Automakers making switch to greener cars

Honda offers a hybrid gas-electric car. Toyota is unveiling a luxury hybrid sedan. Tesla will soon open a service center in South Florida for its all-electric car.

Drivers have a growing array of choices to boost fuel efficiency and go “green” in their vehicles.

The choices come as Washington requires automakers raise the average fuel economy of their U.S. fleet sales by eight miles per gallon to 35.5 mpg by 2016.

For consumers trying to navigate the options, here’s some advice.

Getting started

A good place to start is, a website that lets you check vehicles by model and year and learn their miles per gallon.

More fuel-efficient cars and trucks can save money. A car that gets 30 mpg will cost roughly $610 less a year to drive than one that gets 20 miles per gallon — assuming 15,000 miles of driving and gas at $2.44 a gallon, according to the U.S. Department of Energy and the Environmental Protection Agency.

Better gas mileage also helps slash dependence on foreign oil, which now makes up 58 percent of U.S. oil used, the site said.

Going green

Hybrids, electric cars and other “green” vehicles offer improved fuel economy, because they use batteries, electricity and other fuel sources to replace gas. They also emit less carbon dioxide and other greenhouse gases into the air.

Drivers can check emissions levels at A 2010 Toyota hybrid Prius emits very little: the equivalent of 3.7 tons of carbon dioxide a year — on a scale that runs from about 3.5 tons to 16.2 tons for a vehicle driven 15,000 miles a year.

Even so, hybrids and other “green” cars have found limited acceptance among U.S. buyers to date. Analysts cite two main reasons: “Green” cars tend to be pricier and less convenient.

Nationwide, hybrids now make up roughly 3 percent of vehicle sales, largely because people don’t want to spend an extra $3,000 to $5,000 for them, said Jim Hossack, an analyst with AutoPacific consulting group in Tustin, Calif.

Few drivers power up flex-fuel cars with 85 percent ethanol, because they can’t find enough gas stations that offer the E85 fuel. And there’s resistance to plug-in battery cars because of difficulties finding places to re-charge on the road.

Gas still a force

Green car advocates say backup systems for alternative vehicles will develop over time, and prices will drop as production volumes grow.

But analysts say green car sales will stay limited until gas prices soar — to levels common in Europe and Japan, often $8 a gallon and loaded with taxes.

In Japan, hybrids are a hit, and in Europe, small cars and clean diesel-engines popular because drivers aim to use as little expensive gas as possible.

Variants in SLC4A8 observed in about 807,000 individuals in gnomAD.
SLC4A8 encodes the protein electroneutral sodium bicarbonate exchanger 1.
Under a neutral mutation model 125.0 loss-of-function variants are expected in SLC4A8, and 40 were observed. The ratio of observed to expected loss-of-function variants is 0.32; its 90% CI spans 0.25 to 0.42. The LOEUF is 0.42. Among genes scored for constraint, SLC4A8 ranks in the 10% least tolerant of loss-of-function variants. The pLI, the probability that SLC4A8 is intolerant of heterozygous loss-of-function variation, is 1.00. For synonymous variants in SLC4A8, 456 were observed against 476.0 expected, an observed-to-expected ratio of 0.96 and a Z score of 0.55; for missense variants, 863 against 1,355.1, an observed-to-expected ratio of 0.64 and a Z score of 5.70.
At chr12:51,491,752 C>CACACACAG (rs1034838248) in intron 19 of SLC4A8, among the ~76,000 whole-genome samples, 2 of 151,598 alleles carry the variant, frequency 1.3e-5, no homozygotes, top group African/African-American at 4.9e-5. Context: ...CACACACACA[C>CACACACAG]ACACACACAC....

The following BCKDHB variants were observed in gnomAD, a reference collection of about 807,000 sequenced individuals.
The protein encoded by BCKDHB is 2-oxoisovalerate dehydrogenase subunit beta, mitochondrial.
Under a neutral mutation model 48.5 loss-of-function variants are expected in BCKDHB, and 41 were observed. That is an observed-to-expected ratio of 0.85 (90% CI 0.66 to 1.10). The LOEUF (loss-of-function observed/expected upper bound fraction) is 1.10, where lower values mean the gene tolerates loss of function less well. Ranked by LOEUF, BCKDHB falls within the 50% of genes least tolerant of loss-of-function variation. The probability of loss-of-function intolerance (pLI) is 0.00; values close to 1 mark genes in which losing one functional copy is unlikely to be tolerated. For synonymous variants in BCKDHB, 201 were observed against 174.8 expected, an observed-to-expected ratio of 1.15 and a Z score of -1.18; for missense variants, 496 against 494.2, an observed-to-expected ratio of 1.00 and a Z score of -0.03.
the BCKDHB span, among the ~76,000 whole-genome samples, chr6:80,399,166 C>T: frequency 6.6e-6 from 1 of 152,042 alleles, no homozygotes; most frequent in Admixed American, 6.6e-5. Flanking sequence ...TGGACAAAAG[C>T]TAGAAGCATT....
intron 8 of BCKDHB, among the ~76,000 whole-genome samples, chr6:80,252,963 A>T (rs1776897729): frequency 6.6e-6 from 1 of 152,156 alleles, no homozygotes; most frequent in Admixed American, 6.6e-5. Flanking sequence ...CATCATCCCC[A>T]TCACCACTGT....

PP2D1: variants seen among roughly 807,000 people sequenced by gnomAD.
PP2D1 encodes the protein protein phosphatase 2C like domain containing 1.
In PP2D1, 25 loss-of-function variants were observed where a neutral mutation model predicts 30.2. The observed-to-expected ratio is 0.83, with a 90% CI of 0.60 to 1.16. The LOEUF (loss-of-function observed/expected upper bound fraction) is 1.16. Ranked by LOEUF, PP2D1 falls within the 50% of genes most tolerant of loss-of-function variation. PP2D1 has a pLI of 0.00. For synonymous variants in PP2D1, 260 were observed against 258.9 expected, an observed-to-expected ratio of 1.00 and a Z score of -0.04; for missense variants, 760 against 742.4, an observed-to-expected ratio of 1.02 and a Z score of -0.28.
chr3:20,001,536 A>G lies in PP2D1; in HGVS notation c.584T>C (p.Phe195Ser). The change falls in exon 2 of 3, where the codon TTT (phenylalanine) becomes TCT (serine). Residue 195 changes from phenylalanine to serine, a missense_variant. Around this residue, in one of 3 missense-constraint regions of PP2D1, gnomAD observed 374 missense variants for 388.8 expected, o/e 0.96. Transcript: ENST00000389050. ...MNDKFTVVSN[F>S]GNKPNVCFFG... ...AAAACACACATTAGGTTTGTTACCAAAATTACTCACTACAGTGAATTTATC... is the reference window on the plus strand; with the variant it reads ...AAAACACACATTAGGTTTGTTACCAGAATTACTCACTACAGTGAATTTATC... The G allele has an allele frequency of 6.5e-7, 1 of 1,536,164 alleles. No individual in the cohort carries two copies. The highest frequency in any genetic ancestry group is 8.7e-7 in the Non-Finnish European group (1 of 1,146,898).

Yet in the United States, “the notion of raising taxes on gas seems to be political suicide,” said John Voelcker, editor-in-chief of New York-based

The road ahead

For South Florida drivers keen on alternative technologies, here are innovations already here or coming soon.

Honda’s hybrid Insight: The just-introduced car offers 41 miles per gallon on city and highway driving combined. That compares with 50 miles combined for Toyota’s longer-selling Prius.

Tesla’s electric cars: California-based Tesla plans to open a service center in the Miami area this year for its all-electric vehicles, one of seven nationwide. It will first offer the Roadstar sports car for about $109,000. It plans an all-electric sedan in 2011 for $50,000.

Nissan’s electric car: Nissan plans to offer an all-electric car, now dubbed EV-11, as soon as next year. It would drive about 150 miles on a battery charge and would use a new technology to boost the battery charge when the driver uses the brakes. An onboard computer will display a map of places the car can reach on its remaining charge.

Chevy’s hybrid Volt: Chevrolet could launch the Volt as soon as 2010. It uses a lithium-ion battery to fuel trips up to 40 miles and a gas-powered engine for longer trips. Most Americans drive less than 40 miles a day for their work commute. predicts three trends over the next decade that will increase fuel economy in cars that use some gas:

Smaller, harder-working gas engines: The Chevy Cobalt, with a 2.2 liter engine, for example, is to be replaced by the Chevy Cruze, with a 1.4 liter engine turbo-charged to offer similar performance and acceleration.

Lighter-weight materials: The 2010 Subaru Outback, for instance, is at least 450 pounds lighter than most mid-size sport utilities, because it uses high strength steel and other lighter materials.

“Mild” hybrids. Battery packs, electric motors and power electronics add weight and price to hybrids. Honda’s Insight uses a small battery pack that limits how far the car can travel but makes it lighter and cheaper.